NEW YORK (DTN) -- New York Mercantile Exchange oil futures settled roughly 5% lower Monday afternoon, plunging as concerns about rising global and domestic supply offset estimates for higher demand by the Organization of Petroleum Exporting Countries.
Concerns about domestic supply was triggered late in the session by a report released by market intelligence firm Genscape showing crude oil stocks at the key Cushing, Oklahoma, supply hub increased last week.
The oil market is often sensitive to how much supply there is at the Cushing hub, which also serves as the delivery point for the U.S. crude marker NYMEX-traded West Texas Intermediate crude futures contract. Genscape reported a 1.0 million barrel build at Cushing during the week ended Oct. 9.
“The selloff gained momentum after the Genscape report on Cushing supply and also light volume trade is exaggerating the sell-off,” said analyst Phil Flynn at Price Futures in Chicago.
The oil futures complex initially found support during premarket trade in a bullish demand outlook by the Organization of Petroleum Exporting Countries, but the market quickly shifted its focus back to OPEC output, which rose 109,000 barrels per day in September to 31.57 million bpd.
NYMEX November West Texas Intermediate futures shed $2.53 to $47.10 bbl at settlement, near a four-day low of $47.04. The ICE November Brent crude futures contract tumbled $2.79 to a $49.86 bbl settlement, off a four-day low of $49.77. The Brent premium over WTI eased 26cts to $2.76 bbl.
In products trade, NYMEX November ULSD futures plunged 8.85 cents to $1.5024 gallon at settlement, near a 1-1/2 week low of $1.5005. NYMEX November RBOB futures dropped 7.56 cents to a $1.3411 gallon settlement, off a five-day low at $1.3390.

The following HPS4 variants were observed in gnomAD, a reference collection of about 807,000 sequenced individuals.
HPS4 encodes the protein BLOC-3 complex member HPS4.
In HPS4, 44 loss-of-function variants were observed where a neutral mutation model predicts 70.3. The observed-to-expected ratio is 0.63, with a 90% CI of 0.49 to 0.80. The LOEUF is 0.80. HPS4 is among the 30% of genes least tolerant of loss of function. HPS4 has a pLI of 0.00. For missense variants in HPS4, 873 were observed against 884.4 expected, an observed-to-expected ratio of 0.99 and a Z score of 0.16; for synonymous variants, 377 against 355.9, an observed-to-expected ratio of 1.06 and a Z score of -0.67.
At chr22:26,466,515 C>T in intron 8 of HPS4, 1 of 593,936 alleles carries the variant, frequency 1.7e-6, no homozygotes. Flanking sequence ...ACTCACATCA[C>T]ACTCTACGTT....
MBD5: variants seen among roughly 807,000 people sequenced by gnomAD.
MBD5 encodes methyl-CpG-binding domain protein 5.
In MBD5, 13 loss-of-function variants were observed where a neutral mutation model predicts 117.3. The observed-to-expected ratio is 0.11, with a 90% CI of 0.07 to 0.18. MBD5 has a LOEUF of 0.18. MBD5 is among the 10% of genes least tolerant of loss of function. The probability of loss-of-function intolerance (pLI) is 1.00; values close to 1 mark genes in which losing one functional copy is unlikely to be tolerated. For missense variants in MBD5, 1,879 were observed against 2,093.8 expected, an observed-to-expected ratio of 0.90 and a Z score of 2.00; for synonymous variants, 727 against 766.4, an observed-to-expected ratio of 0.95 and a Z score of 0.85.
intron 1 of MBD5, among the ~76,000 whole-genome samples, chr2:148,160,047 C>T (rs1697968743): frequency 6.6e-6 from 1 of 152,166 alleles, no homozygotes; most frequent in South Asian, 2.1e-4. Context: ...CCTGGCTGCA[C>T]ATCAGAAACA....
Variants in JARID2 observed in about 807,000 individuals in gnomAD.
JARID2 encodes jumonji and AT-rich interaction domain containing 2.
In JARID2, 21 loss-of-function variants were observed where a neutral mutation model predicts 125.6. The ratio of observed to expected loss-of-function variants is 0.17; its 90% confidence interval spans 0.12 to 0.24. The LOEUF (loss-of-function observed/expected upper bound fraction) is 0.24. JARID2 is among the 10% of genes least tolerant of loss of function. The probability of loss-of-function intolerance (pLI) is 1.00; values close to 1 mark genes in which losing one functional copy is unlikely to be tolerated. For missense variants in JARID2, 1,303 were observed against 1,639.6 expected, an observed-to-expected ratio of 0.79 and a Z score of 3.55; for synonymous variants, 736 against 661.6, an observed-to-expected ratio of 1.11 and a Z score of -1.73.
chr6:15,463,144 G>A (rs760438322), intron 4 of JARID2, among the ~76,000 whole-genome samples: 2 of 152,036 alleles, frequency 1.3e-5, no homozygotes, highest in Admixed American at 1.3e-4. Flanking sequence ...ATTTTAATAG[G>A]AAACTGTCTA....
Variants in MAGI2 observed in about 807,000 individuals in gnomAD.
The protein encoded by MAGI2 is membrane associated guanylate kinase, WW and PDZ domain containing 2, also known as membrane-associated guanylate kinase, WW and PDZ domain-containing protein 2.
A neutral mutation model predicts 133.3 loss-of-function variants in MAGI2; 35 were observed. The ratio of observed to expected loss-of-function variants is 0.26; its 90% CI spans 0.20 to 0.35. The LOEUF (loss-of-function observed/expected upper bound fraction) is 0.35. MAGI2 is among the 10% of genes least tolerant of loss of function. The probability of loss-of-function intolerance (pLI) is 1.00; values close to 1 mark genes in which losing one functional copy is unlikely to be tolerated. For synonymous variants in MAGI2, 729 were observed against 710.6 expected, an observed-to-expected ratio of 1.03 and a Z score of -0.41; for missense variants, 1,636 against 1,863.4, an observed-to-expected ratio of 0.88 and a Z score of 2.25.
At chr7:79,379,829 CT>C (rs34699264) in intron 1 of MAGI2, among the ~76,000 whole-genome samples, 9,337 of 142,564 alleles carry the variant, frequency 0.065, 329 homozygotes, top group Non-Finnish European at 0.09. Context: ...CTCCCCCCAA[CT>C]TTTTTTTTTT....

On Wall Street, U.S. stock indices turned higher, while the dollar index fell to a fresh three-week low. The dollar’s weakness was linked on expectation the U.S. Federal Reserve would delay raising interest rates until next year. However, some Fed officials over the weekend said the central bank could still cut rates in December, which would be bearish for commodities that have come to rely on easy money policy.
Trade volume was thin, but most of the market's focus was trained on supply and demand fundamentals. Short term, analysts were mixed in their forecast for weekly U.S. inventories for the week ended Oct. 9. One analyst said he expected to see a 3.0 million bbl nationwide crude stock draw while another expects to see a 4.5 million bbl build. On average, they estimate a build of 750,000 bbl for the week.
The American Petroleum Institute will issue its weekly data Wednesday while the Energy Information Administration’s weekly data is due Thursday, with both sets of data delayed by a day because federal offices are closed today for Columbus Day.
Earlier today, OPEC raised its outlook for 2015 world oil demand by 40,000 bpd versus last month's estimate projecting demand would grow at a 1.5 million bpd rate to 92.86 million bpd. For 2016, global oil demand would grow at a 1.25 million bpd rate to 94.11 million bpd, a downward revision of 40,000 bpd, the report said.
On supply, the report projected a quicker decline in U.S. output. Non-OPEC oil supply growth in 2015 was revised down from month prior by 190,000 bpd to a 720,000 bpd growth rate, mainly due to "a downward adjustment in the U.S." For 2016, non-OPEC supply "is expected to show a clear contraction of 13,000 bpd," following a downward revision of 480,000 bpd versus last month's estimate.
George Orwel can be reached at email@example.com
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